US puts Gulf forces on attack alert

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THE UNITED States has put its forces in the Gulf on alert against a possible terrorist attack, the Pentagon said yesterday, citing specific intelligence warnings.

The announcement follows State Department warnings to Americans in the seven Gulf states that an attack was possible in the next 30 days. The warnings applied to Kuwait, Oman, the United Arab Emirates, Saudi Arabia, Qatar, Bahrain and Yemen.

Defense Department spokesman Kenneth Bacon said that there was "significant, credible evidence" that an attack was being planned. "Most of our forces in the Gulf are now in a threat condition called `Charlie', which is the third out of four threat conditions," he said, which meant "that an incident has occurred or intelligence has been received indicating that some form of terrorist action is imminent".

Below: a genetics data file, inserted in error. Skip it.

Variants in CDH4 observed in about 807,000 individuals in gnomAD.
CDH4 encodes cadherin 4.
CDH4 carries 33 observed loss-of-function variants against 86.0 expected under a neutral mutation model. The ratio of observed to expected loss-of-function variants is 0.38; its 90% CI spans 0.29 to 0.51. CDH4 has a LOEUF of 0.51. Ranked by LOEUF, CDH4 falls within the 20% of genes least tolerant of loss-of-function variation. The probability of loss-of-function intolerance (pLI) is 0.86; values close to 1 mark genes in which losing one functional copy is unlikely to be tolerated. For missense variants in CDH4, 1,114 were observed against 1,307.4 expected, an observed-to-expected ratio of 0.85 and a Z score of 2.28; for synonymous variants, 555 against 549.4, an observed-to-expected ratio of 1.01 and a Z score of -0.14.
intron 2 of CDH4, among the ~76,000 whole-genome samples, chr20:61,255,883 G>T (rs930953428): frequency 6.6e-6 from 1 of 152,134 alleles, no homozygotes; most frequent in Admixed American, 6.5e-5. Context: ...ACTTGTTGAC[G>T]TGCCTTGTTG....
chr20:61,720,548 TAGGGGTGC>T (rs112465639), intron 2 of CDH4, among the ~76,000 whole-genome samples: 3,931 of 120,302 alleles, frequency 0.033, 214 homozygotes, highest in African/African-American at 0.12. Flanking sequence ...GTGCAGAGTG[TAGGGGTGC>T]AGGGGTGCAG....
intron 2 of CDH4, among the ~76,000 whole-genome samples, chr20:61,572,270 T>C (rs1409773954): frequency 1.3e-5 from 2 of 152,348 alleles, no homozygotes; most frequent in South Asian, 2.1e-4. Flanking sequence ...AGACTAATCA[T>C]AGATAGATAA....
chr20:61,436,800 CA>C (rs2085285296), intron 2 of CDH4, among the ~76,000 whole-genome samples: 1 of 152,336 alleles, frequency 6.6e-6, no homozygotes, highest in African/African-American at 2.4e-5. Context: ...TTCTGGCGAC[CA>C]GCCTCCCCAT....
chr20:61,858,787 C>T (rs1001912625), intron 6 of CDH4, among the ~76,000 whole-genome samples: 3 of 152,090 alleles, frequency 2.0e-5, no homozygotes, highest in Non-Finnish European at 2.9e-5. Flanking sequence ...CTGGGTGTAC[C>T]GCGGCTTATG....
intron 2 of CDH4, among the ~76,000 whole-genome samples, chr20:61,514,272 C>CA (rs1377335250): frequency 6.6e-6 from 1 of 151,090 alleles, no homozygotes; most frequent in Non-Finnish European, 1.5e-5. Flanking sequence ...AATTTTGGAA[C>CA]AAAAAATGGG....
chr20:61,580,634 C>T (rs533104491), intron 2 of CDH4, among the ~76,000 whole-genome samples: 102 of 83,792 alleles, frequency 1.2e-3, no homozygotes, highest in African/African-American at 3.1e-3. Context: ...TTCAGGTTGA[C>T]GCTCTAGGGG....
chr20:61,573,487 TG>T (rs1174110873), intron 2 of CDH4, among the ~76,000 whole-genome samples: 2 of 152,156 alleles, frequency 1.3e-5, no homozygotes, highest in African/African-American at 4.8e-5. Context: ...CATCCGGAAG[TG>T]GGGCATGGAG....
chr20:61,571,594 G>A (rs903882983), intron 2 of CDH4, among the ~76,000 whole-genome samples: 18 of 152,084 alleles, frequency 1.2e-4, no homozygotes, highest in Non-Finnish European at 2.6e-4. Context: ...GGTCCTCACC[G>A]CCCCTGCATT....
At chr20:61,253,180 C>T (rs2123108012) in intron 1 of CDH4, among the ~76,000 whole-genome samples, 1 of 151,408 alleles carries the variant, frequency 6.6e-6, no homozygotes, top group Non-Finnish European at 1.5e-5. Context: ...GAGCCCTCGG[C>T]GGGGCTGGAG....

The intelligence for the warnings comes from US and foreign sources, the Pentagon said. While there are regular threats against US facilities and personnel, it is broadcasting these warnings very publicly. "We pick up reports of possible threats against Americans, diplomats, and military people all the time... And we assess these reports. Some we take more seriously than others. This we take seriously," Mr Bacon said.

Physical security has been toughened at US bases, troops will be largely confined to base, some are under curfew, and those allowed to leave have been told to travel in small groups and to vary their travel patterns. The US has nearly 25,000 military personnel in the Gulf, most of them at sea. There are deployments in Saudi Arabia and Kuwait to patrol the skies over southern Iraq, and the US Fifth Fleet is based in Bahrain.

Bomb attacks on the US embassies and Central Intelligence Agency stations in Kenya and Tanzania killed hundreds earlier this year. The US blamed Osama bin Laden, the Saudi exile who has called for US troops to be withdrawn from the Gulf, and launched missile attacks on camps in Afghanistan linked to Mr bin Laden and a pharmaceutical plant in Sudan. It said there was a high chance that groups linked to Mr bin Laden would retaliate, although did not link yesterday's warnings to him. The US has issued an arrest warrant and $5m (pounds 3m) reward for Mr bin Laden.